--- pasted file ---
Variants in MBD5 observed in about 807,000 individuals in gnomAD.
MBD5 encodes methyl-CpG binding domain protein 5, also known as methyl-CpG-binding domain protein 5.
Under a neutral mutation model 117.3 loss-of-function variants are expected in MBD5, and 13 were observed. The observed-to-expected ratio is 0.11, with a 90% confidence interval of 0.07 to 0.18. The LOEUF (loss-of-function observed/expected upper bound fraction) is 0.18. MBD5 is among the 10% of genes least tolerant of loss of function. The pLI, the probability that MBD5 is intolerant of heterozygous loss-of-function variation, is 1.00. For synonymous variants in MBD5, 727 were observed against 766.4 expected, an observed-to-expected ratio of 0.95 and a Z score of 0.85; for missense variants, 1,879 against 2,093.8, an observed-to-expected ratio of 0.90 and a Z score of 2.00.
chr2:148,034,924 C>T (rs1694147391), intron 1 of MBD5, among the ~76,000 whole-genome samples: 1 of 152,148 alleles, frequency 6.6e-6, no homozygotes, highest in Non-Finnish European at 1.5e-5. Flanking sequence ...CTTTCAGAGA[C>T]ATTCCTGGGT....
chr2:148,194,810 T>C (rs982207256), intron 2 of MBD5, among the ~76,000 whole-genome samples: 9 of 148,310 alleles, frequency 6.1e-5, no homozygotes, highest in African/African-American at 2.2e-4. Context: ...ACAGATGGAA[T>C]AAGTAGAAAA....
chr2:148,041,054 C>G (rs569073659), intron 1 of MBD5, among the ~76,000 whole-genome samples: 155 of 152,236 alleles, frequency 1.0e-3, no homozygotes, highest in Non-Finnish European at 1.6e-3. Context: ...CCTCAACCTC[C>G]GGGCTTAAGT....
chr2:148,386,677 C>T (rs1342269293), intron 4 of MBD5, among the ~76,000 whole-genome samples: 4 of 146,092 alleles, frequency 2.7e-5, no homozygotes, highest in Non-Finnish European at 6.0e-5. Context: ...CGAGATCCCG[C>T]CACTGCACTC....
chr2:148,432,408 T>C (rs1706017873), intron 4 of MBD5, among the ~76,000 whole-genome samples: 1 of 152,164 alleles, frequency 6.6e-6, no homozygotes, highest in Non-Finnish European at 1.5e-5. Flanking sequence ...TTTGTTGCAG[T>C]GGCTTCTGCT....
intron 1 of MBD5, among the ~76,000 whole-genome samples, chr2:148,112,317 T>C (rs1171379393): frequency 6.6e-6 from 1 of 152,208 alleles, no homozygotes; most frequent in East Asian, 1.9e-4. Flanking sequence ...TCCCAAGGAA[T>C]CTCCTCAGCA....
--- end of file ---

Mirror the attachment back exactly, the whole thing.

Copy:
Variants in MBD5 observed in about 807,000 individuals in gnomAD.
MBD5 encodes methyl-CpG binding domain protein 5, also known as methyl-CpG-binding domain protein 5.
Under a neutral mutation model 117.3 loss-of-function variants are expected in MBD5, and 13 were observed. The observed-to-expected ratio is 0.11, with a 90% confidence interval of 0.07 to 0.18. The LOEUF (loss-of-function observed/expected upper bound fraction) is 0.18. MBD5 is among the 10% of genes least tolerant of loss of function. The pLI, the probability that MBD5 is intolerant of heterozygous loss-of-function variation, is 1.00. For synonymous variants in MBD5, 727 were observed against 766.4 expected, an observed-to-expected ratio of 0.95 and a Z score of 0.85; for missense variants, 1,879 against 2,093.8, an observed-to-expected ratio of 0.90 and a Z score of 2.00.
chr2:148,034,924 C>T (rs1694147391), intron 1 of MBD5, among the ~76,000 whole-genome samples: 1 of 152,148 alleles, frequency 6.6e-6, no homozygotes, highest in Non-Finnish European at 1.5e-5. Flanking sequence ...CTTTCAGAGA[C>T]ATTCCTGGGT....
chr2:148,194,810 T>C (rs982207256), intron 2 of MBD5, among the ~76,000 whole-genome samples: 9 of 148,310 alleles, frequency 6.1e-5, no homozygotes, highest in African/African-American at 2.2e-4. Context: ...ACAGATGGAA[T>C]AAGTAGAAAA....
chr2:148,041,054 C>G (rs569073659), intron 1 of MBD5, among the ~76,000 whole-genome samples: 155 of 152,236 alleles, frequency 1.0e-3, no homozygotes, highest in Non-Finnish European at 1.6e-3. Context: ...CCTCAACCTC[C>G]GGGCTTAAGT....
chr2:148,386,677 C>T (rs1342269293), intron 4 of MBD5, among the ~76,000 whole-genome samples: 4 of 146,092 alleles, frequency 2.7e-5, no homozygotes, highest in Non-Finnish European at 6.0e-5. Context: ...CGAGATCCCG[C>T]CACTGCACTC....
chr2:148,432,408 T>C (rs1706017873), intron 4 of MBD5, among the ~76,000 whole-genome samples: 1 of 152,164 alleles, frequency 6.6e-6, no homozygotes, highest in Non-Finnish European at 1.5e-5. Flanking sequence ...TTTGTTGCAG[T>C]GGCTTCTGCT....
intron 1 of MBD5, among the ~76,000 whole-genome samples, chr2:148,112,317 T>C (rs1171379393): frequency 6.6e-6 from 1 of 152,208 alleles, no homozygotes; most frequent in East Asian, 1.9e-4. Flanking sequence ...TCCCAAGGAA[T>C]CTCCTCAGCA....